I switched to using hammocks about 2 years ago. Unlikely to return to tents anytime soon. I’ve stayed out in my hammock with a tarp in temps well below freezing and so there should be no problem making this work with any weather you’d be out paddling in. Best part is you don’t need level ground.
I agree with Kayamedic -
My feeling is that if you are paddling only in the warm summer months a so called “three season” tent is fine. But if you are paddling/camping in the spring, fall or winter, a so called “winter tent” is best. Basically my feeling is that winter tents should really be thought of as three season tents (fall spring and winter) and the more common mesh wall tents should be thought of as “summer” tents. My perspective is based on the fact that I do my tripping in the North - mostly Maine and Canada. Mesh tents are way too cold for my taste except in the heat of summer and I rarely trip in the heat of summer.
This reviewer found that a mesh tent raised the interior temperature by 6 degrees while a solid-fabric tent raised it 12 degrees: http://www.backpackinglight.com/cgi-bin/backpackinglight/terra_nova_laser_ultra_1_tent_review.html#.VS1DinuiLmQ
So you’re gaining 6 extra degrees by transporting a heavier tent with inferior ventilation. I think a sleeping bag would do a better job of providing those 6 extra degrees of warmth if you need it.
Don’t forget that solid winter tents are made for dry conditions. In the other three seasons you need good condensation management.
“Spring” and “fall” don’t mean much by themselves. What’s important is the nighttime temperature and the ratings of your sleeping bag and mattress. In my experience a tent that is about 3/4 mesh is plenty adequate down to the temperatures that lake and river paddlers in the continental US are likely to paddle at, meaning about 25F.
If you can’t afford a separate winter tent for the few days of the year when you’re in winter temperatures, you should have no fear of using a three-season mesh tent.
There is a discontinued Alps Mountaineering tent, the Jagged Peak, that has zippable solid panels on the doors and end vents, providing adequate mesh in the summer and closing up completely in cold weather. You do pay a weight and bulk penalty for such a tent. http://www.backcountry.com/alps-mountaineering-jagged-peak-2-tent-2-person-4-season
That has been my experience in northern New England from early April (as soon as the lakes thaw) through the middle of November. Ideal setup for kayak camping:
–Kelty Trail Ridge 2 or 3
–LL Bean rectangular 20F down sleeping bag
–Exped Synmat 7
–Helinox Cot One
Ahhhhhh…warm and comfortable.
Since you aren't carrying it on your back I agree with the idea of going bigger. Two person if you're solo, three if there are two of you. You'll appreciate the extra room, especially on a rainy day.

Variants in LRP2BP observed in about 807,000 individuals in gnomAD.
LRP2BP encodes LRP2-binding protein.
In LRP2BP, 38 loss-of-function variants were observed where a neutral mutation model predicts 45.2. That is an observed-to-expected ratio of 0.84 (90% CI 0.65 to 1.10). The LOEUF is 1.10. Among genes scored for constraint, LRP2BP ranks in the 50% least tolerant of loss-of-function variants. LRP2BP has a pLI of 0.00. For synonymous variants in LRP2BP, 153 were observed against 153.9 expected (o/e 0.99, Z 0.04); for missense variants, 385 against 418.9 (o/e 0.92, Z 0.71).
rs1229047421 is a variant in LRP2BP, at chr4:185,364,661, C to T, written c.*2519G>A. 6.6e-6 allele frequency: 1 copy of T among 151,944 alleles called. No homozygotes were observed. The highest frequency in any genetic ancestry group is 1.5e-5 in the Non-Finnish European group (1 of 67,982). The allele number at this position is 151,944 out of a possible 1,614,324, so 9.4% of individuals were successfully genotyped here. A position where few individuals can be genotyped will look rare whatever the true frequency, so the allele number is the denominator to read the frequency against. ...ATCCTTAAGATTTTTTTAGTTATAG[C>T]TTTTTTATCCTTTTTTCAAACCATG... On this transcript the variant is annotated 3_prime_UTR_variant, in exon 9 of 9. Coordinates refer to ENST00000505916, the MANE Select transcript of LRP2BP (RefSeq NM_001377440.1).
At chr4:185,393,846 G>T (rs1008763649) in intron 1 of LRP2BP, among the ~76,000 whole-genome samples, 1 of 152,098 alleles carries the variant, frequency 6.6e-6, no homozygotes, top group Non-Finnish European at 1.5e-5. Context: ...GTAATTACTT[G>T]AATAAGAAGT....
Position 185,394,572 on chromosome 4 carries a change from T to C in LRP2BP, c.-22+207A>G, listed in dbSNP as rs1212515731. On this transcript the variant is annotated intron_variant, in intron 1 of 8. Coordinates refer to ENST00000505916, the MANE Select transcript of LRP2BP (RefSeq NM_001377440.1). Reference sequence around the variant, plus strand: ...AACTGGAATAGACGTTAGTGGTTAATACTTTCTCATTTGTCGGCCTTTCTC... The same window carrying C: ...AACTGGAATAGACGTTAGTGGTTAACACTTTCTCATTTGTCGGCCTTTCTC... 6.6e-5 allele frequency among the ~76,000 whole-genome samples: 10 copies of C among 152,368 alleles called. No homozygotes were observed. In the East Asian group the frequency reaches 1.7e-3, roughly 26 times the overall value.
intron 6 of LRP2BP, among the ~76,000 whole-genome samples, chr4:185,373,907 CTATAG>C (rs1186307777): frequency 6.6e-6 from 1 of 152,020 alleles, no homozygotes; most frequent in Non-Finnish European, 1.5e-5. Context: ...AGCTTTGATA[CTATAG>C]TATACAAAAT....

For a two or more person tent I like double doors so you don't have to crawl over each other to get out. Double vestibiles are a bonus. Side entry is also easier to get in and out of than entries at the head.
REI makes some pretty good tents for the money. The Half Dome is a good choice.
And don't rule out hammocks. I bought a Warbonnet Blackbird 3 years ago and haven't spent a night in a tent since. So easy to set up, so comfortable. I've never slept better outdoors.
Mesh and Wind
That's well and good, but when there's a good breeze, there's really no warmth at all provided by a mesh tent, so the temperature-difference comparison becomes greater. Also, even adding a candle lantern or two will boost the warmth factor of a closed tent, but won't do a thing with a mesh tent. Sure, your sleeping bag can make up the difference, but I find that to save bulk I'm often near the bottom end of my bag's comfort range as it is, so not having the cold night air constantly streaming through the tent helps a lot. And it's so nice to have a cozy environment within the tent itself when you go in there for various reasons besides sleeping, and when changing clothes.
I've never had a condensation problem in solid-wall tents. In those situations that encourage condensation, a tiny bit of venting is all it ever took to control it.
I have a mesh tent that I love in summer, but it's been a huge mistake sometimes to use it on river sandbars. If the wind blows, the inside of the tent will get pretty messy with blown sand, and in that situation the vents of a solid-wall tent are more than adequate.
As with everything else, no comparison that can be summed up in a few words closes the argument for all situations.
"But I've camped close to zero in a mostly mesh tent (the Kelty Trail Ridge 2). I rely entirely on the sleeping bag and mattress for warmth. Even a mostly mesh tent does a good job of protecting you from the wind in the winter. The temperature inside the tent in the winter is about 10 degrees warmer than the outside."
I agree with this. I have slept in a Eureka Spitfire 1 in the teens and was in a Cabela's 8-man Alaskan Guide series tent on Wyoming hunting trip during a blizzard where outside temps went to -5*F. It's all about the sleeping bag, sleeping mat, and base layering.
I am a huge fan of Eureka tents and we just got a Taron 3 for kayak camping. As with all my tents, I use a lightweight poly tarp cut to the dimension's of the tent floor to protect the tent floor from the rough ground.
A tent for base camp and a kayak trip? That’s a pretty tall order. I use a canoe and Duluth packs so tent size and weight is not as big a deal as with a kayak. Yes, for one person use a 2 man and for 2 people a 3 man and 3 people a 4 man. I used a Eureka Apex 3 man and Eureka Mountain Pass 4 man for years. For a kayak I would assume that you need to consider the packed size of the tent more than the weight since I doubt you will be portaging. You can certainly get a nice tent for under $300 from the major manufactures. Pick out a model you like and can afford then check for sales online or at stores. I just picked up a 3 man Marmot Marmot Tungston ($249) for 30% off. For base camp I would also get r a small tarp to increase your living and storage space.
is a Kelty mesh tent’s solid wall…and a solid wall breathing with ventilation options unthinkable around a true solid wall tent esp. an A shaped wall tent.
So when you think mesh, think fly wall.
I have a year+ into a mesh Gunnison needing minor repairs to nylon and mesh. Nylon repair patching glued with Weldwood Red. No zipper damage with lubricated and toothbrush cleaned zippers. Repairing mesh lay mesh on nylon red coated strio, roll then roll out 2nd strip on your side n roll on. Repaired mesh no problem.
On the bag…bag ratings are known unknowns. 2 @$150 synthetic semimummy bags I’m using at 20 and 0 are not warm for an hour…or more. BUT ! adding a Campmor synthetic camp blanket liner…instant warmth. A super blankie for all seasons esp. the GNE.
The rainfly on a mesh tent provides considerable protection from wind, hence conserves warmth. The fly on many tents reaches to within a couple of inches of the ground. Clearly an all-mesh tent is warmer than no tent at all, proving that the fly provides warmth. In the summer the mesh itself keeps heat in (when you don’t want it) and the fly can be unbearably hot.